## In n inductors are connected in parallel L1 ,L2 ,.............Ln

1
1
1
1

.............
L eq L1 L 2
Ln

In series connection current in same, through all elements & in parallel connection voltage is same
across all elements.
Duality
Two circuits N1 & N2 are called dual circuit if the branches KCL, KVL & branch v - i relationship
becomes respectively KVL, KCL.

Resistance
Capacitance
Inductance
Open Circuit
Short Circuit
Voltage Source
Current Source

Dual Elements
Conductance
R
CF
LH

GR

L=CH
C=LF

VS

Inductance
Capacitance
Short Circuit
Open Circuit
Current Source

IS

Voltage Source

V IS

Series Connection
Parallel Connection

I VS

Parallel Connection
Series Connection

Eg.

Graph Theory
Network Graph:
If all elements of a circuits are replaced a line segment between 2 end points called as nodes.

Directed Graphs:
If the branches of a graph has directions then it is called as a directed graph.

Sub graph
It consists of less or equal number of verticals (nodes) & edges, as in its complete graph.

## True & Co-tree

A connected sub-graph of a network which has its nodes same as original graph but does not
contain any closed path is called tree of network.
A tree always has (n - 1) branches.
Eg. The following trees can be made from graph shown before.

The set of branches of a network which are remove to form a tree is called co-tree of graph.
The branches of a tree are called as its twigs & branches of a co-tree are called as chords or links.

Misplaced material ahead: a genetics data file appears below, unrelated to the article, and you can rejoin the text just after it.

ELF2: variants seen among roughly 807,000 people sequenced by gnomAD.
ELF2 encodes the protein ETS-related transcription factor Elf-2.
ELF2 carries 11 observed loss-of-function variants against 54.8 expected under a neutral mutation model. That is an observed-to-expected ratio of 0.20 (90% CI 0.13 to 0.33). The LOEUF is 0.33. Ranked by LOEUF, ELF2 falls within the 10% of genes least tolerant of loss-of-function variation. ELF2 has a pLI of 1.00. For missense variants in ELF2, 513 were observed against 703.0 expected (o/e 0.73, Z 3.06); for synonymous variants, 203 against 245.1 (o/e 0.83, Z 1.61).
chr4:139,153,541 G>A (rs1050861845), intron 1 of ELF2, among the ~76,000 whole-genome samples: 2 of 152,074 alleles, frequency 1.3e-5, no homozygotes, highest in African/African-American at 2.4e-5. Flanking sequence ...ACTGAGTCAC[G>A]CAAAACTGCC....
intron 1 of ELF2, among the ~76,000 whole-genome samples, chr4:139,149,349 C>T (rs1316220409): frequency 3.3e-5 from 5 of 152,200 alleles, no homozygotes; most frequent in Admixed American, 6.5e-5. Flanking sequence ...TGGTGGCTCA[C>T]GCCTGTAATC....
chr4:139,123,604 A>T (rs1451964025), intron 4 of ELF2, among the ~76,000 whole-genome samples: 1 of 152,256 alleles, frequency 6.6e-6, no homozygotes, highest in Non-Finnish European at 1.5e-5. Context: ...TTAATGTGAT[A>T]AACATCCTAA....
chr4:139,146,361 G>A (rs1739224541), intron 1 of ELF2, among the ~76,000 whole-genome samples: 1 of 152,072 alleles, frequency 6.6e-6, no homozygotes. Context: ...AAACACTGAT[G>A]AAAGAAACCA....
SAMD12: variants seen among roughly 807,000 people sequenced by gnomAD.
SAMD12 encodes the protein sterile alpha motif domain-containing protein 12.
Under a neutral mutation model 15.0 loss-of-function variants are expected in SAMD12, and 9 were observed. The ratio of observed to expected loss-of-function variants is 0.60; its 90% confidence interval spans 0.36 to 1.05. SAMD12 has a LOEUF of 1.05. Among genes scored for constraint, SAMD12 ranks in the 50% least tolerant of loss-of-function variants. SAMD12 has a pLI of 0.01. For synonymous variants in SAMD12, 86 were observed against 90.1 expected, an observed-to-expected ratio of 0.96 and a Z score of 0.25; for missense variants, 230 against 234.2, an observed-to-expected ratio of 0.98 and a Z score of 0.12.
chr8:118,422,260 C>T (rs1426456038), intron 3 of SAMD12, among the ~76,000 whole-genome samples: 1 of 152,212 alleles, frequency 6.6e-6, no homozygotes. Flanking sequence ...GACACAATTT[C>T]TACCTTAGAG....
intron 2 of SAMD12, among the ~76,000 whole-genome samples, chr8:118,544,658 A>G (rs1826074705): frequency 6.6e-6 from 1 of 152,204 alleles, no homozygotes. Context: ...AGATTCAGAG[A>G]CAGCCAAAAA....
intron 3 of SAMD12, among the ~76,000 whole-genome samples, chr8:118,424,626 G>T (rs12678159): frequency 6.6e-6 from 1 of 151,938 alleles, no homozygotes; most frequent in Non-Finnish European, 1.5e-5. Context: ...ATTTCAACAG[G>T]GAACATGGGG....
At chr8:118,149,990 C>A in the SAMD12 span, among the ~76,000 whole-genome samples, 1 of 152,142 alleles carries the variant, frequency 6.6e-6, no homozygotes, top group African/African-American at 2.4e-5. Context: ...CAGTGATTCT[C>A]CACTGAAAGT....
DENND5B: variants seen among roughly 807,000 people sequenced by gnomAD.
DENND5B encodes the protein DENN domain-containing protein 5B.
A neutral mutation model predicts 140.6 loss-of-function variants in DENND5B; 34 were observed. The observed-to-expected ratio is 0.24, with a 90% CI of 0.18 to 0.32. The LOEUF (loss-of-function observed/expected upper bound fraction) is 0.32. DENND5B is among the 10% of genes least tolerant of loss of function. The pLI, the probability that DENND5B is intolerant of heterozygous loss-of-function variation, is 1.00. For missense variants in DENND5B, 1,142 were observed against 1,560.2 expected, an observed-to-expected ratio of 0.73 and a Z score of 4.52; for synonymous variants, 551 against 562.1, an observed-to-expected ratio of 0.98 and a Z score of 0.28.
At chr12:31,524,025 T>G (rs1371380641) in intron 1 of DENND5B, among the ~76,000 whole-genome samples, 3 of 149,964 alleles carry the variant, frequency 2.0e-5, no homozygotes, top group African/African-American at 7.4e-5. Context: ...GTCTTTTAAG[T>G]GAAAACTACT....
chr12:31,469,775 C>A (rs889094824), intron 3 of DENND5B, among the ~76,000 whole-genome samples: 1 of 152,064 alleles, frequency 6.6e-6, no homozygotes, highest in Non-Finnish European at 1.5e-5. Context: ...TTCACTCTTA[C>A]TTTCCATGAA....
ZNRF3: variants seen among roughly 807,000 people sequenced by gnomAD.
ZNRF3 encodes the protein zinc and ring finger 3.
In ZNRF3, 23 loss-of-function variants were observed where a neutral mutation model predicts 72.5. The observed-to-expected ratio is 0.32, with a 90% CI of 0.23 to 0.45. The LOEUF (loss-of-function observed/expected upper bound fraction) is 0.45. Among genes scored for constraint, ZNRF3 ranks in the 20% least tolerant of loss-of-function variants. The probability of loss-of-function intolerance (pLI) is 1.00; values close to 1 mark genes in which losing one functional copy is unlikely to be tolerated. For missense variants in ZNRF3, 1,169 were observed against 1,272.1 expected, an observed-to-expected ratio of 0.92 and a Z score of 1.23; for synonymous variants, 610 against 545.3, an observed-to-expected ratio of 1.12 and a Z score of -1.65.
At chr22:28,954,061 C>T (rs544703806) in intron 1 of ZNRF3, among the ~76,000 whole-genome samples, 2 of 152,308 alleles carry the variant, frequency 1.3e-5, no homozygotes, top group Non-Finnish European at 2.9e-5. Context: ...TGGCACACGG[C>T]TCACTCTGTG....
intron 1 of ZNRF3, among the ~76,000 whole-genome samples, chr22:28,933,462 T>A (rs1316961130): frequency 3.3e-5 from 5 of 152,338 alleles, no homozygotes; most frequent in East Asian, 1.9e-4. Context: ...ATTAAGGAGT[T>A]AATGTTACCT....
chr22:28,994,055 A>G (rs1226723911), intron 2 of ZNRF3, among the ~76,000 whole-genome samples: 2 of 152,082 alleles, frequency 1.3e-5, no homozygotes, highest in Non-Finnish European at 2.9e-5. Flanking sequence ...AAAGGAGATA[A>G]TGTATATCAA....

10

Incidence Matrix
The dimension of incidence matrix is (nxb)
N = no. of nodes
B = no. of branches
It is represented by A
aij = + 1 ,
If jth branch is oriented away from ith node
aij = -1 ,

aij = 0 ,

## If jth branch is not connected to ith node

a b
c
d e f

0 0 1
1 1 0 1
A 2 1 1
0 1
0 0

1
0 0 1 1
3 0
4 0
0 1 1 1 0

If one of nodes is considered as ground & that particulars row is neglected while writing the
incidence matrix, then it is reduced incidence matrix. Order n 1 b
T
Number of trees of any graph det Ar Ar

## Ar = reduced incidence matrix

Circuit Theorems
Linearity
A system is linear if it satisfies the following two properties.
1. Homogeneity Property
It requires that if input is multiplied by constant hen output is multiplied by same constant.
eg. V = IR
is I becomes KI
V = KIR = KV
So, resistance is a linear element & so are inductor & capacitor.
It requires that response to sum of inputs is sum of response to each input applied separately.
V1 I1R

V2 I2R
If we apply

We get

V3 I1 I2 R V1 V2

I2

11

Superposition
It states that, in any linear circuit containing multiple independent sources, the total current
through or voltage across an element can be determined by algebraically adding the voltage or
current due to each independent source acting alone with all other independent source set to
zero.
Source Transformation
It states that as independent voltage source VS in series with a resistance R is equivalent to
independent current source IS Vs / R in parallel with a resistance R.
Or
An independent current source IS in parallel with a resistance R is equivalent to a dependent
source VS ISR in series with a resistance R.

Thevenins Theorem
It states that any network composed of ideal voltage and current source, and of linear resistor,
may be represented by an equivalent circuit consisting of an ideal voltage source VTH in series
with an equivalent resistance R TH .
Methods to calculate thevein equivalent